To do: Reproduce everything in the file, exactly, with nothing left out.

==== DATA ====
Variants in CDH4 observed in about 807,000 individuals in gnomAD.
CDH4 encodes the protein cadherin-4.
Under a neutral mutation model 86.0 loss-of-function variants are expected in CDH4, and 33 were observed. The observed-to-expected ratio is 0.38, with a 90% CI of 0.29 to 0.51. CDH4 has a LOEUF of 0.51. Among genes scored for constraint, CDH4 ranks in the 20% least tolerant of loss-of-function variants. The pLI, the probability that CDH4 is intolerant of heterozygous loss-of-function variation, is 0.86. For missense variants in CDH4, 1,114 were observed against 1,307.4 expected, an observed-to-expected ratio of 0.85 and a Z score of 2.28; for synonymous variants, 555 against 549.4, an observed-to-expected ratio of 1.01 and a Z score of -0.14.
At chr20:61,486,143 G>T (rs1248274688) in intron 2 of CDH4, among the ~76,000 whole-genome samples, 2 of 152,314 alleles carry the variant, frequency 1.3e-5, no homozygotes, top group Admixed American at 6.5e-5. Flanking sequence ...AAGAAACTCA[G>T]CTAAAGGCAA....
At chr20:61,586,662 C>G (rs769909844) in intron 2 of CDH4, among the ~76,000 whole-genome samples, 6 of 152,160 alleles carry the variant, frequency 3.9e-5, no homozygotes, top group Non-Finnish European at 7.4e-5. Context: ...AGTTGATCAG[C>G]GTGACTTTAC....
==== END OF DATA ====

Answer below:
Variants in CDH4 observed in about 807,000 individuals in gnomAD.
CDH4 encodes the protein cadherin-4.
Under a neutral mutation model 86.0 loss-of-function variants are expected in CDH4, and 33 were observed. The observed-to-expected ratio is 0.38, with a 90% CI of 0.29 to 0.51. CDH4 has a LOEUF of 0.51. Among genes scored for constraint, CDH4 ranks in the 20% least tolerant of loss-of-function variants. The pLI, the probability that CDH4 is intolerant of heterozygous loss-of-function variation, is 0.86. For missense variants in CDH4, 1,114 were observed against 1,307.4 expected, an observed-to-expected ratio of 0.85 and a Z score of 2.28; for synonymous variants, 555 against 549.4, an observed-to-expected ratio of 1.01 and a Z score of -0.14.
At chr20:61,486,143 G>T (rs1248274688) in intron 2 of CDH4, among the ~76,000 whole-genome samples, 2 of 152,314 alleles carry the variant, frequency 1.3e-5, no homozygotes, top group Admixed American at 6.5e-5. Flanking sequence ...AAGAAACTCA[G>T]CTAAAGGCAA....
At chr20:61,586,662 C>G (rs769909844) in intron 2 of CDH4, among the ~76,000 whole-genome samples, 6 of 152,160 alleles carry the variant, frequency 3.9e-5, no homozygotes, top group Non-Finnish European at 7.4e-5. Context: ...AGTTGATCAG[C>G]GTGACTTTAC....